In February, headlines proclaimed that small business confidence had hit all-time highs on the heels of tax reform passing. A CNBC/SurveyMonkey Small Business Confidence Index released at the time saw an increase of five points, from 57 to 62 — the highest it has ever recorded.
As the Koble platform continues to enable small businesses to discover, connect and facilitate business deals with businesses of all sizes across the globe, the team at Koble wanted to take a closer look at if small-to-medium sized operators anticipate their businesses to continue thriving throughout the year. Specifically, we wanted to look at their biggest growth obstacles and sales plans for 2018.
To find out, Koble commissioned a Google Survey administered to 500 owners and managers of small-to-medium sized business across the U.S. with fewer than 100 employees. Here’s what we found with the results of Koble’s 2018 SMB Sales and Growth Confidence Survey.
Online Advertising and Networking Online Drives Proactive Sales Plans
We first asked SMB operators to note all the proactive ways they intended to create sales leads in 2018 outside of the more organic channels such as word of mouth or referrals.
Respondents noted that online advertising (49%) was the top way they planned to create sales leads in 2018. This was followed by operators that chose networking online (41%) or through a networking event or conference (35%).
When looking across the different vertical industries of the SMB’s within our sample, we found that those operating tech/software businesses were most likely to plan on driving sales through networking events or conferences, followed by online advertising and networking online.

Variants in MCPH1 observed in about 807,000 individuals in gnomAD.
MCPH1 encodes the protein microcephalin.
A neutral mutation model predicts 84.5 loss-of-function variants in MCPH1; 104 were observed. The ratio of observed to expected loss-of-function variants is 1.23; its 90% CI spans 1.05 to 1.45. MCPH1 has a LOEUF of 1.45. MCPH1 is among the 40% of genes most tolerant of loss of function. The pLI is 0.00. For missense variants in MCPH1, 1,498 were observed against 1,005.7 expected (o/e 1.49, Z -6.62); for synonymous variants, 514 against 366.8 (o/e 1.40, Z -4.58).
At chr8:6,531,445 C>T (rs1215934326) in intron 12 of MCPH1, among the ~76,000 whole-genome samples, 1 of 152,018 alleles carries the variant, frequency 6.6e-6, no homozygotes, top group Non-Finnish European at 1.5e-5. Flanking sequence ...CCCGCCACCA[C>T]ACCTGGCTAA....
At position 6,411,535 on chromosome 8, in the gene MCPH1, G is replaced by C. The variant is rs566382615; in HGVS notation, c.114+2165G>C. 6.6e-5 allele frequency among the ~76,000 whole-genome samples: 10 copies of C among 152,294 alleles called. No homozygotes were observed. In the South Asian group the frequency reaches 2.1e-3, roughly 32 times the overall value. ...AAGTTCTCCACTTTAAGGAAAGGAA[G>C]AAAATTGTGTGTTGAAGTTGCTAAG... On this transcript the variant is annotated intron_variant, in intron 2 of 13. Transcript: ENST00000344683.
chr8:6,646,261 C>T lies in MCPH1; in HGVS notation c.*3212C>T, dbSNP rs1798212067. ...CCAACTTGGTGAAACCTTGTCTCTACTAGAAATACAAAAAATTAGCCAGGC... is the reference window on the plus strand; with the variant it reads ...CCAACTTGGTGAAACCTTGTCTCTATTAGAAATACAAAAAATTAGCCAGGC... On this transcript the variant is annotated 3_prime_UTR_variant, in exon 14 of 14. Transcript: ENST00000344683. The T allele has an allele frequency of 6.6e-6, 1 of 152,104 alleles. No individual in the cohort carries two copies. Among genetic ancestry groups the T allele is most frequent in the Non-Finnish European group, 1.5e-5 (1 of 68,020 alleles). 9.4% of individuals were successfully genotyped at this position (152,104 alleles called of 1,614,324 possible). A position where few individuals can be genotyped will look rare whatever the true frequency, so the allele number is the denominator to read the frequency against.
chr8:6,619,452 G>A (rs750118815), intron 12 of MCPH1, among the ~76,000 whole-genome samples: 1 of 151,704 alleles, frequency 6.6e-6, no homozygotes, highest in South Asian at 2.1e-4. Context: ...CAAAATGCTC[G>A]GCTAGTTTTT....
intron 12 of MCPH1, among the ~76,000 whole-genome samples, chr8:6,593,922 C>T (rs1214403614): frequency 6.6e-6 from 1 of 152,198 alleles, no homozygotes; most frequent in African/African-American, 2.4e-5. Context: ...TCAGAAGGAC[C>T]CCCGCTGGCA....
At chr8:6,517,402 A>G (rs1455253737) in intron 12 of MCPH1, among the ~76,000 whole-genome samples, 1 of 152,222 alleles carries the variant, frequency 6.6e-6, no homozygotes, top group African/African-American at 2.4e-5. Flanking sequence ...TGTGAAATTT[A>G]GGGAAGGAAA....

Those running business services companies, on the other hand, were most likely to note they plan on driving new sales leads in 2018 by networking online, followed by networking events and online advertising.
Compare that with those operating retail or food businesses, who noted they planned to use online advertising the most to drive sales leads, followed by networking online and email market.
Finding Customers Outweighs All Other Growth Challenges for SMB’s
When asked to name the biggest challenge they anticipate to face in growing their business this year, SMB operators overwhelming noted that finding new customers (46%) is their top challenge. This was followed by limited access to new capital and hiring new employees, which were both anticipated to be a top challenge for 16% of operators respectively his year.
Interestingly when you break out operator responses by gender, there are some differences in anticipating limited access to capital and hiring new employees as challenges for growing their businesses this year.
Over 19% of men noted that limited access to capital would be a top challenge this year in growing their business versus 13% of women operators. Those percentages nearly swap when it comes to hiring new employees being seen a challenge in growing their company in 2018 — with 17% of women noting it will be a top challenge versus 11% of men.
In addition, while operators across all industry verticals noted finding new customers would be their top challenge, the second most likely challenge in growing their business this year did vary by company type. For instance, those operating SMB’s in the real estate or construction industry noted limited access to capital would be their second biggest challenge (25%), whereas those in the retail or food industry noted hiring new employees would be their second biggest challenge (22%).
SMB’s Aspire to Land Apple and Walmart as Customers or Partners
On the Koble platform, we often facilitate connections and ultimately business deals between
SMB’s and companies such as Sprint, Microsoft and Warner Brothers. Given that we’ve seen firsthand how much growth even one deal with a major corporation can drive for a small business, we wanted to gauge which of the top five on the Fortune 500 operators aspire to gain as a future customer or business partner.